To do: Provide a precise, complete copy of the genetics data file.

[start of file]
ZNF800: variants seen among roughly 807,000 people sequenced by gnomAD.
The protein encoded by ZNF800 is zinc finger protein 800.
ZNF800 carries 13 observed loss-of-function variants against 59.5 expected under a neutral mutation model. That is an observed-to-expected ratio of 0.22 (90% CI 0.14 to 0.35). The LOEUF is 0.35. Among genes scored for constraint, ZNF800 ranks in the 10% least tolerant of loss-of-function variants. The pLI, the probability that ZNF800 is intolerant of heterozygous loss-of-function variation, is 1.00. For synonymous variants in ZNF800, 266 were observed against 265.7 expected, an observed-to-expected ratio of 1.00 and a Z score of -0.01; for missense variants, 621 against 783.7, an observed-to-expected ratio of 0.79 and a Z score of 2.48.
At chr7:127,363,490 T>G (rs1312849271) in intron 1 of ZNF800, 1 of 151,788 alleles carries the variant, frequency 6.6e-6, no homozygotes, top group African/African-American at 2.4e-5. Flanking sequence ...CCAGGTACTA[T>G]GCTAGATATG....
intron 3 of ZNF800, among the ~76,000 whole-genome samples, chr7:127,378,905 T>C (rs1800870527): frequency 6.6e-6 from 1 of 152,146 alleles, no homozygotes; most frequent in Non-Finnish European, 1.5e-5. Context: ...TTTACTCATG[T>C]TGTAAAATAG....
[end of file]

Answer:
ZNF800: variants seen among roughly 807,000 people sequenced by gnomAD.
The protein encoded by ZNF800 is zinc finger protein 800.
ZNF800 carries 13 observed loss-of-function variants against 59.5 expected under a neutral mutation model. That is an observed-to-expected ratio of 0.22 (90% CI 0.14 to 0.35). The LOEUF is 0.35. Among genes scored for constraint, ZNF800 ranks in the 10% least tolerant of loss-of-function variants. The pLI, the probability that ZNF800 is intolerant of heterozygous loss-of-function variation, is 1.00. For synonymous variants in ZNF800, 266 were observed against 265.7 expected, an observed-to-expected ratio of 1.00 and a Z score of -0.01; for missense variants, 621 against 783.7, an observed-to-expected ratio of 0.79 and a Z score of 2.48.
At chr7:127,363,490 T>G (rs1312849271) in intron 1 of ZNF800, 1 of 151,788 alleles carries the variant, frequency 6.6e-6, no homozygotes, top group African/African-American at 2.4e-5. Flanking sequence ...CCAGGTACTA[T>G]GCTAGATATG....
intron 3 of ZNF800, among the ~76,000 whole-genome samples, chr7:127,378,905 T>C (rs1800870527): frequency 6.6e-6 from 1 of 152,146 alleles, no homozygotes; most frequent in Non-Finnish European, 1.5e-5. Context: ...TTTACTCATG[T>C]TGTAAAATAG....